Passwords are hacked in a variety of ways and for a variety of reasons.
Sometimes the hacker is someone you know. It could be a “frenemy” who wants to access your information. If so, he or she might be able to guess your password if you use one that’s as obvious as your dog’s name or child’s name. Also, an insider may be able to access your account if the answers to your password recovery questions are known.
If a hacker is unknown to you, a brute force attack is the most common strategy for cracking your password. In this method, a program systematically tries every password combination until it gains access. That is why the simpler your password is, the easier it is for someone to gain access.
The 25 most common passwords are:
The Art of the Difficult Password
A difficult password is your stronghold against hackers. Examples of high-security passwords include:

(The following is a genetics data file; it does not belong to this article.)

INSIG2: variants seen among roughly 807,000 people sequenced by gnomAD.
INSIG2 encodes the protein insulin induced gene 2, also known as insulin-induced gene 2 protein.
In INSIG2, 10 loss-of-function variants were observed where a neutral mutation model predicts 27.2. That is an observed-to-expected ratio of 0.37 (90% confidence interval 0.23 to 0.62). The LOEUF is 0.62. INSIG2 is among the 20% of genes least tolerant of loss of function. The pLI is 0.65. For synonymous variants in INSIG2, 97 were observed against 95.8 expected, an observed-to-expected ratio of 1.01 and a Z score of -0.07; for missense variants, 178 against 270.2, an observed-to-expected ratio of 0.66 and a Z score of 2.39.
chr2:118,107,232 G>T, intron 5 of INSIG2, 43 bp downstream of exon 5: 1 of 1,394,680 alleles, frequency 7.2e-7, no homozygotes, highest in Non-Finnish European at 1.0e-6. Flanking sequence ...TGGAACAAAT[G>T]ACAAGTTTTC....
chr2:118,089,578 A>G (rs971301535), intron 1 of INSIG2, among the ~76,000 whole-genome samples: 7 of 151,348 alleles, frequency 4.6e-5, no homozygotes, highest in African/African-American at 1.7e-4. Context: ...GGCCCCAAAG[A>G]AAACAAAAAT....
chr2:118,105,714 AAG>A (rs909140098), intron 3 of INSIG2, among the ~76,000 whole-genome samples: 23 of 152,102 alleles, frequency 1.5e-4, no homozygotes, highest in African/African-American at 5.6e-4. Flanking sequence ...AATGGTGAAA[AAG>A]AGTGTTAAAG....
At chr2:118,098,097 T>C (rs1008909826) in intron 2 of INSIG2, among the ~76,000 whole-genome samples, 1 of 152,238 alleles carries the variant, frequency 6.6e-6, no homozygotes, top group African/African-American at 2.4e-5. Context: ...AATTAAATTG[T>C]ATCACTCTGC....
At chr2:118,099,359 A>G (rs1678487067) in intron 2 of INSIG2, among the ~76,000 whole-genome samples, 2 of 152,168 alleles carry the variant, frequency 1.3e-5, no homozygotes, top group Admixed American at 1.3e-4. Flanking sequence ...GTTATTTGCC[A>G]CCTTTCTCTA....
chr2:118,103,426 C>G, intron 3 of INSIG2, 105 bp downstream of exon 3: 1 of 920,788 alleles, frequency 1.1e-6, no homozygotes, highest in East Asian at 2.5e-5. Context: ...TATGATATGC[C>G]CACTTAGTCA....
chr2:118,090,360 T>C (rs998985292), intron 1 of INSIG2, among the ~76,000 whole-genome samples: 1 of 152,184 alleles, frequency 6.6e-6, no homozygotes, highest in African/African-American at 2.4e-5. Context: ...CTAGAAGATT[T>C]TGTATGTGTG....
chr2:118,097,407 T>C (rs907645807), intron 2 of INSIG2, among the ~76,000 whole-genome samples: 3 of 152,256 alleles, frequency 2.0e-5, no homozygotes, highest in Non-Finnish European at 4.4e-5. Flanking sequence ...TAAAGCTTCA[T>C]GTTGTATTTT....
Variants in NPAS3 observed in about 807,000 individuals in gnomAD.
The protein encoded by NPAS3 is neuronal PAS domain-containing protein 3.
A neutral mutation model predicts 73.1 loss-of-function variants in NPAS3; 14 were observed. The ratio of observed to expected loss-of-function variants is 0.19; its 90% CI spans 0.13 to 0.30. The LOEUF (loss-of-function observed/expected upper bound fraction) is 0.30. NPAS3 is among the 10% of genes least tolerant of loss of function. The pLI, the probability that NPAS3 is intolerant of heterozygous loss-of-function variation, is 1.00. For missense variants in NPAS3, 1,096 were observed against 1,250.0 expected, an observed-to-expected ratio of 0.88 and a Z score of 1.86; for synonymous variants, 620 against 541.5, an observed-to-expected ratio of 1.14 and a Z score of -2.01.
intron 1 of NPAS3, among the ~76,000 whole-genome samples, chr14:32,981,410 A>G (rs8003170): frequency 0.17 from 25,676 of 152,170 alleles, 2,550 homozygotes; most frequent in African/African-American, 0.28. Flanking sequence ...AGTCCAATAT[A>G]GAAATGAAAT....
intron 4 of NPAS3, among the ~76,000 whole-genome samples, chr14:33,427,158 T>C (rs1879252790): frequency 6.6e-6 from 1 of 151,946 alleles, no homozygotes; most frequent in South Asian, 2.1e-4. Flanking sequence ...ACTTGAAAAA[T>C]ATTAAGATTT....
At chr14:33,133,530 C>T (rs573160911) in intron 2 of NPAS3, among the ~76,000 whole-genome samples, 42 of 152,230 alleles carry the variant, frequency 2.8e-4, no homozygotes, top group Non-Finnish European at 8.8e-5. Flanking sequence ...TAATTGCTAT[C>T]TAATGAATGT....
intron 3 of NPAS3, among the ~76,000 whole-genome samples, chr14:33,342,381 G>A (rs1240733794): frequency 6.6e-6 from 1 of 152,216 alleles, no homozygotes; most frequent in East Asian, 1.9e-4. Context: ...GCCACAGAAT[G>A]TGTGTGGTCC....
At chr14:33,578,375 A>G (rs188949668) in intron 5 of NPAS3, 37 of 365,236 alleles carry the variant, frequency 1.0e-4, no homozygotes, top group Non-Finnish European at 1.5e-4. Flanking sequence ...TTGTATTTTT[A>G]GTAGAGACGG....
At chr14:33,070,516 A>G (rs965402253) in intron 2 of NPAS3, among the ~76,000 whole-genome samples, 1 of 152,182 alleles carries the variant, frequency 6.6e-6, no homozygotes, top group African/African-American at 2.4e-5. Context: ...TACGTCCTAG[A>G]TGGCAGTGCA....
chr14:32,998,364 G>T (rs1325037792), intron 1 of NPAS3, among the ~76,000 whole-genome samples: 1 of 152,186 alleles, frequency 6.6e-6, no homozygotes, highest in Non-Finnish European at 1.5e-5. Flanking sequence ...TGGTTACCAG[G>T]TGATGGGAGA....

A difficult password is created by using variables, such as upper and lower cases, numbers, and symbols, along with a password length of at least 16 characters.
When creating your password, don’t include dictionary words, usernames or IDs, repetition, any predefined number or letter sequence, your birthday, people’s names, personal information (license plate number, phone number), words or phrases from popular culture (Ihaveadream; Game_over,_man!), or dictionary words with simple algorithms applied (backwards spelling, combining words with punctuation in between).
How Long Would It Take?
The number of characters in your password increases the number of possible combinations a hacker has to try. That is why it’s better to choose a very long password rather than a short, complex one.
- 3 characters: 1 million combinations
- 4 characters: 1 billion combinations
- 5 characters: 10 billion combinations
- 6 characters: 1 trillion combinations
- 7 characters: 100 trillion combinations
- 8 characters: 10 quadrillion combinations
Password complexity also determines the length of time it takes to crack. A password with an 80-bit strength takes years longer to crack than a 30-bit password.
Instantly cracked password: april
100 milliseconds: april!
2 seconds: april10
19 minutes: april10!
16 hours: apr&il10!
4 weeks: Apr&il10!
53 years: A.pr&il10!
5,000 years: A.4pr&il10!
485,000 years: A.4pr&i#l10!
47 million years: A.4pr&i#l1L0!